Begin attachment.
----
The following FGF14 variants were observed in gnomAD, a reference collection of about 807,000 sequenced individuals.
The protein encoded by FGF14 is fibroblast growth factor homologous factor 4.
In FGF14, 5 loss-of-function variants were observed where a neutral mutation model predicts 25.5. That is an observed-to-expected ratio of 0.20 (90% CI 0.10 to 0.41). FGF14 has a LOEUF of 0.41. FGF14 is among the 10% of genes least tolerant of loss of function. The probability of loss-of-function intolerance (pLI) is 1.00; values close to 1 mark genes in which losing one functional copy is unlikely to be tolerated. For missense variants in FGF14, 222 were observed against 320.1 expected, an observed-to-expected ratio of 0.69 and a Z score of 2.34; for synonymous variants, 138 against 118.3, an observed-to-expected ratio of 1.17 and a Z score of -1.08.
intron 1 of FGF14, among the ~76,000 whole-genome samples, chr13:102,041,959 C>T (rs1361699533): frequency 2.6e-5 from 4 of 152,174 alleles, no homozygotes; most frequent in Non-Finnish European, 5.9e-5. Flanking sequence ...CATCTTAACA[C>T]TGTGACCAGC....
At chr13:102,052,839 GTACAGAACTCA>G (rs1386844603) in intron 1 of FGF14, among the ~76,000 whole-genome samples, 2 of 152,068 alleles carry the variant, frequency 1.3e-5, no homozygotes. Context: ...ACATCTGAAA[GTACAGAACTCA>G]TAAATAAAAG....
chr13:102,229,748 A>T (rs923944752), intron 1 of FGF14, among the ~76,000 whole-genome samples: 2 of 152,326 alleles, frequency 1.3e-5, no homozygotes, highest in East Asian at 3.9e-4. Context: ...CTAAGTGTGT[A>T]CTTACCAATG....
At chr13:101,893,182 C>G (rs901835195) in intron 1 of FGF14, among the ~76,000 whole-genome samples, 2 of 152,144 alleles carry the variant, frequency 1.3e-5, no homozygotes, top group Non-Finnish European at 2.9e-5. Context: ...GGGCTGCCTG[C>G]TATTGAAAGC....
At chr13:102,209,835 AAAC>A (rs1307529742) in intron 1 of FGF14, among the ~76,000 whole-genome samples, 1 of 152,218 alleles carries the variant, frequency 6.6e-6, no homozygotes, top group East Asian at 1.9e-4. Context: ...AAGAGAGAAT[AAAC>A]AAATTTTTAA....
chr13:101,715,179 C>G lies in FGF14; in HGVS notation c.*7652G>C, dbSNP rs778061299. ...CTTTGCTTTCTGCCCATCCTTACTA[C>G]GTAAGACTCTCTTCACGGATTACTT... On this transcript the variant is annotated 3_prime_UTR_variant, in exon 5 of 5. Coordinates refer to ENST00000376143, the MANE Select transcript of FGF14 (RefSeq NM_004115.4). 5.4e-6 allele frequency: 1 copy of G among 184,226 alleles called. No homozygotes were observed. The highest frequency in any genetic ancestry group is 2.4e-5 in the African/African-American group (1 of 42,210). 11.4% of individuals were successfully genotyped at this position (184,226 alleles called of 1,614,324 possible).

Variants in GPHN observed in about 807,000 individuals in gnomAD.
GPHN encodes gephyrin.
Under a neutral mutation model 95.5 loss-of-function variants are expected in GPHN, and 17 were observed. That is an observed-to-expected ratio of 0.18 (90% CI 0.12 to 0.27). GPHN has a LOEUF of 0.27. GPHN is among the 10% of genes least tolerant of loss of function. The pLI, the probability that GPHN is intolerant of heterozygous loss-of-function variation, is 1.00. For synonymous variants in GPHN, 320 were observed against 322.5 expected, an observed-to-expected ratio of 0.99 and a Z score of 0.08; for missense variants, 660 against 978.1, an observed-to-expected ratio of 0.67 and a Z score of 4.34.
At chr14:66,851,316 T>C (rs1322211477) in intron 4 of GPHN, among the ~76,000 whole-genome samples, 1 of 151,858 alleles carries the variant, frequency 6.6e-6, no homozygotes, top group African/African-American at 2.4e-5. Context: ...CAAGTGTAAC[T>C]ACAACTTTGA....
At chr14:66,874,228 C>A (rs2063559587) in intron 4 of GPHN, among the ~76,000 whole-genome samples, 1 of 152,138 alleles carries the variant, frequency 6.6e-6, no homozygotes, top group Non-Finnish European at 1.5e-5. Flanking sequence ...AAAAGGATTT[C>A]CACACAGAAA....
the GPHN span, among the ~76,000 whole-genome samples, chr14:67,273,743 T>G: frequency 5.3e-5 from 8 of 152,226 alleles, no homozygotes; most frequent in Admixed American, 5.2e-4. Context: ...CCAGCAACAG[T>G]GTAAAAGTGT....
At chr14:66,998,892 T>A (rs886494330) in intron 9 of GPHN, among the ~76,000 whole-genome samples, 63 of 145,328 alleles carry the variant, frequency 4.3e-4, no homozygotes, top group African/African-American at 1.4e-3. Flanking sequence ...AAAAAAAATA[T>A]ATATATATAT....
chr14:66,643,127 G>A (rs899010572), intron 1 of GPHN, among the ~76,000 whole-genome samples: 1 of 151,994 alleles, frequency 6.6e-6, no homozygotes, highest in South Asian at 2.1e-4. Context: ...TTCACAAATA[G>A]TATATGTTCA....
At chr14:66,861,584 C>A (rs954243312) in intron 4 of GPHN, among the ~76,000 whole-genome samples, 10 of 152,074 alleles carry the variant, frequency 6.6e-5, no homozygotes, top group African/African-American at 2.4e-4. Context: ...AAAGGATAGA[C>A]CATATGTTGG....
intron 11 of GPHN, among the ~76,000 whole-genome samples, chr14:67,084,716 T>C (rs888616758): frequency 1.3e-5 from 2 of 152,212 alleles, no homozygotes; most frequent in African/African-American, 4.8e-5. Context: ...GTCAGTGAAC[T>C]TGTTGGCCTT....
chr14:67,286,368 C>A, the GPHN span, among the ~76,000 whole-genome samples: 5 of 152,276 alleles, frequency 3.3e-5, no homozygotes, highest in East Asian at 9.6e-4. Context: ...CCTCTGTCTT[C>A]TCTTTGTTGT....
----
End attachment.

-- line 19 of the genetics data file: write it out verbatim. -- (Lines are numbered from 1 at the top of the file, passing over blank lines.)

intron 11 of GPHN, among the ~76,000 whole-genome samples, chr14:67,084,716 T>C (rs888616758): frequency 1.3e-5 from 2 of 152,212 alleles, no homozygotes; most frequent in African/African-American, 4.8e-5. Context: ...GTCAGTGAAC[T>C]TGTTGGCCTT....